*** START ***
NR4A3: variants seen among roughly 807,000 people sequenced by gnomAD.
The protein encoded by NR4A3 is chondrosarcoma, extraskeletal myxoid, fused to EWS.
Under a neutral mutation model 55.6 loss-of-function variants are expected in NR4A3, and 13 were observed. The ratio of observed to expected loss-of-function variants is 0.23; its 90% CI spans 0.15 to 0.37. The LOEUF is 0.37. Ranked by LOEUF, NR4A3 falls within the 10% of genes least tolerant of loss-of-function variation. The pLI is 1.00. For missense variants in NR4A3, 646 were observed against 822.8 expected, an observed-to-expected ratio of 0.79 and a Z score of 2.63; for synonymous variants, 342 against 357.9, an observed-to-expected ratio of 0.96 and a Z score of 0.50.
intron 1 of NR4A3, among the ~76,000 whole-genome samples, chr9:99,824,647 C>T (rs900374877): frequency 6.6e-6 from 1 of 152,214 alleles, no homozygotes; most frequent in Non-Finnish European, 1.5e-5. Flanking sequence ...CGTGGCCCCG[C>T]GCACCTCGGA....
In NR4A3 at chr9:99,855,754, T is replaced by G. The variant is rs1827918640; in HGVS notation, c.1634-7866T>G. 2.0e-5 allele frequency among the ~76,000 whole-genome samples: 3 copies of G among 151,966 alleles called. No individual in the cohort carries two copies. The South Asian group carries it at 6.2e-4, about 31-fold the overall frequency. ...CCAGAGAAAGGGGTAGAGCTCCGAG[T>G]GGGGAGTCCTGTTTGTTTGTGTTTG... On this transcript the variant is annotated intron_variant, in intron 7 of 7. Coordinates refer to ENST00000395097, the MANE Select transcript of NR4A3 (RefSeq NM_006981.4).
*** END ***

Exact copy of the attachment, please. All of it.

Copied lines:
NR4A3: variants seen among roughly 807,000 people sequenced by gnomAD.
The protein encoded by NR4A3 is chondrosarcoma, extraskeletal myxoid, fused to EWS.
Under a neutral mutation model 55.6 loss-of-function variants are expected in NR4A3, and 13 were observed. The ratio of observed to expected loss-of-function variants is 0.23; its 90% CI spans 0.15 to 0.37. The LOEUF is 0.37. Ranked by LOEUF, NR4A3 falls within the 10% of genes least tolerant of loss-of-function variation. The pLI is 1.00. For missense variants in NR4A3, 646 were observed against 822.8 expected, an observed-to-expected ratio of 0.79 and a Z score of 2.63; for synonymous variants, 342 against 357.9, an observed-to-expected ratio of 0.96 and a Z score of 0.50.
intron 1 of NR4A3, among the ~76,000 whole-genome samples, chr9:99,824,647 C>T (rs900374877): frequency 6.6e-6 from 1 of 152,214 alleles, no homozygotes; most frequent in Non-Finnish European, 1.5e-5. Flanking sequence ...CGTGGCCCCG[C>T]GCACCTCGGA....
In NR4A3 at chr9:99,855,754, T is replaced by G. The variant is rs1827918640; in HGVS notation, c.1634-7866T>G. 2.0e-5 allele frequency among the ~76,000 whole-genome samples: 3 copies of G among 151,966 alleles called. No individual in the cohort carries two copies. The South Asian group carries it at 6.2e-4, about 31-fold the overall frequency. ...CCAGAGAAAGGGGTAGAGCTCCGAG[T>G]GGGGAGTCCTGTTTGTTTGTGTTTG... On this transcript the variant is annotated intron_variant, in intron 7 of 7. Coordinates refer to ENST00000395097, the MANE Select transcript of NR4A3 (RefSeq NM_006981.4).